I had said earlier that you can get through most parts of the game with the weak units, which is true, but there’s no real way to get the strongest units outside of getting them through the gacha process. Each unit in Heroes has a star rating from 1-5, and then “5 focus” as an added 6th tier, and exclusive to the gacha machine. The more stars a unit has the better it’s base stats, skill pool, and ability to gain skill points becomes. Units can be upgraded at level 20, and with enough patience, you can turn any 2-star unit into a hefty 4-star in a few play sessions. The one thing you can’t effectively do right now is upgrade a 4-star unit to a 5-star. Each upgrade requires two separate resources of feathers and badges, and the badge required to go from 4 to 5 is not easily obtainable. This is where the grind kicks in, as suddenly you have to start doing more and more expensive side-missions in a power struggle to continually promote your units to make them stronger. Is it bad? A little, but the satisfaction of promoting a unit to 5-star ranking feels great since badges and feathers cannot be purchased or replaced by money. Players with dedication to specific characters will get way more out of grinding and playing the game than they will by lightening their bank accounts.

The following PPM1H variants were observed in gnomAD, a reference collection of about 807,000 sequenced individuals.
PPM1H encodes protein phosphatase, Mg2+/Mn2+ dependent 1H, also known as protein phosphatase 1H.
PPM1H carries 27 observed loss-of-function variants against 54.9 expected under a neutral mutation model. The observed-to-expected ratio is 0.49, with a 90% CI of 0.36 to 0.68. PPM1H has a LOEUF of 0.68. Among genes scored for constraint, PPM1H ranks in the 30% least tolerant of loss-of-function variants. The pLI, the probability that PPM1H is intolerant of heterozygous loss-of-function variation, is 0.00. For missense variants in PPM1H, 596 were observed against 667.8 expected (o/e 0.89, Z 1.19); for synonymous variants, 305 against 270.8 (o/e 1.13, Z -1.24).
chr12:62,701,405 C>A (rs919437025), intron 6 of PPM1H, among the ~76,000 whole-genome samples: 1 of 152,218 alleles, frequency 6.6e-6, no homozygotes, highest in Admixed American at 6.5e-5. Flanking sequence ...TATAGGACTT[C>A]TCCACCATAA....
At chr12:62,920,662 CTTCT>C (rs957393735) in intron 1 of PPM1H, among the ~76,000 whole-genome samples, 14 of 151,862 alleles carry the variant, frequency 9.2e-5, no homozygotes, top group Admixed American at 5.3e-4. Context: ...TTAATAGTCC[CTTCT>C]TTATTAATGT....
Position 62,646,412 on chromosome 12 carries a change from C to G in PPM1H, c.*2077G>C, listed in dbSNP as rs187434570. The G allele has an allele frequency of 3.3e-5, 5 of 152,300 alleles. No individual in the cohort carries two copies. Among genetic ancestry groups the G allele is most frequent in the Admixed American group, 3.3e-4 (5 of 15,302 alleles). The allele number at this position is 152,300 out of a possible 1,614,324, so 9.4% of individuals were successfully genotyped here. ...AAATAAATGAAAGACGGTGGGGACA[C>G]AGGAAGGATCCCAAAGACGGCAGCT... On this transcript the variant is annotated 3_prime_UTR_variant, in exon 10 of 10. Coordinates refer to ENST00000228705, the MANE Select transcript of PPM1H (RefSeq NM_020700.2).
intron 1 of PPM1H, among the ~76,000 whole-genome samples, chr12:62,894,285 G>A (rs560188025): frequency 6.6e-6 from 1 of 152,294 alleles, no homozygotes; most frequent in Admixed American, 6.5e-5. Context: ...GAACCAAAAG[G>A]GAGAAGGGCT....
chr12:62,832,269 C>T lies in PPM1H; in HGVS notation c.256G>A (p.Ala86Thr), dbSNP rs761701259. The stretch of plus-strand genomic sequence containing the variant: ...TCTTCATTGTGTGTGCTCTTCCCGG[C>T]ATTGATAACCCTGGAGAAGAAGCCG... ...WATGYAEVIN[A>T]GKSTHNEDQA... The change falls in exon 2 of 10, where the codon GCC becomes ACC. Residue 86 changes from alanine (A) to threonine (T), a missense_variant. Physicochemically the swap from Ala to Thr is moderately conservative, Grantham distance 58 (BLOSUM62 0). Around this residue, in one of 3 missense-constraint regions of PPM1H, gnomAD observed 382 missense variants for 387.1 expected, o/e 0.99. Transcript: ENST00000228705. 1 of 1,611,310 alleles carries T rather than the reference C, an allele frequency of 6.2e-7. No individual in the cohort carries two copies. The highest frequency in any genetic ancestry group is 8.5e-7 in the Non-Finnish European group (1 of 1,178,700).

The ability to turn weaker units into stronger ones is one of the main things I like about Heroes. Rolling low-stat units always feels bad, but it doesn’t feel like complete garbage when you can turn them around and make them into stronger fighters with a little dedication. The maps in Heroes also lend to making its grind feel shorter. Most stages can be completed in a matter of 3-5 minutes, while it could sometimes take almost an hour in certain mainline Fire Emblem titles. The experience upgrades pay off as good investments since they too speed the process up and let you climb the training tower faster for rarer badges to make promoting units easier.
Fire Emblem: Heroes isn’t that different from your average gacha title like Granblue or Final Fantasy: Brave Exvius, but its legacy lies in its brand. Fire Emblem is a solid strategy series, and its gameplay translates well to mobile. The franchise has a huge roster of characters to choose from, which makes its biweekly roster roulette much easier to update and differentiate from week to week to keep players coming back. Heroes might not have had the same initial launch success as Super Mario Run or Miitomo, but it has the opportunity to outdo both of them. With a healthy free-to-play game structure and simple gameplay, Heroes has set itself up to be one of the better mobile games with longevity in mind.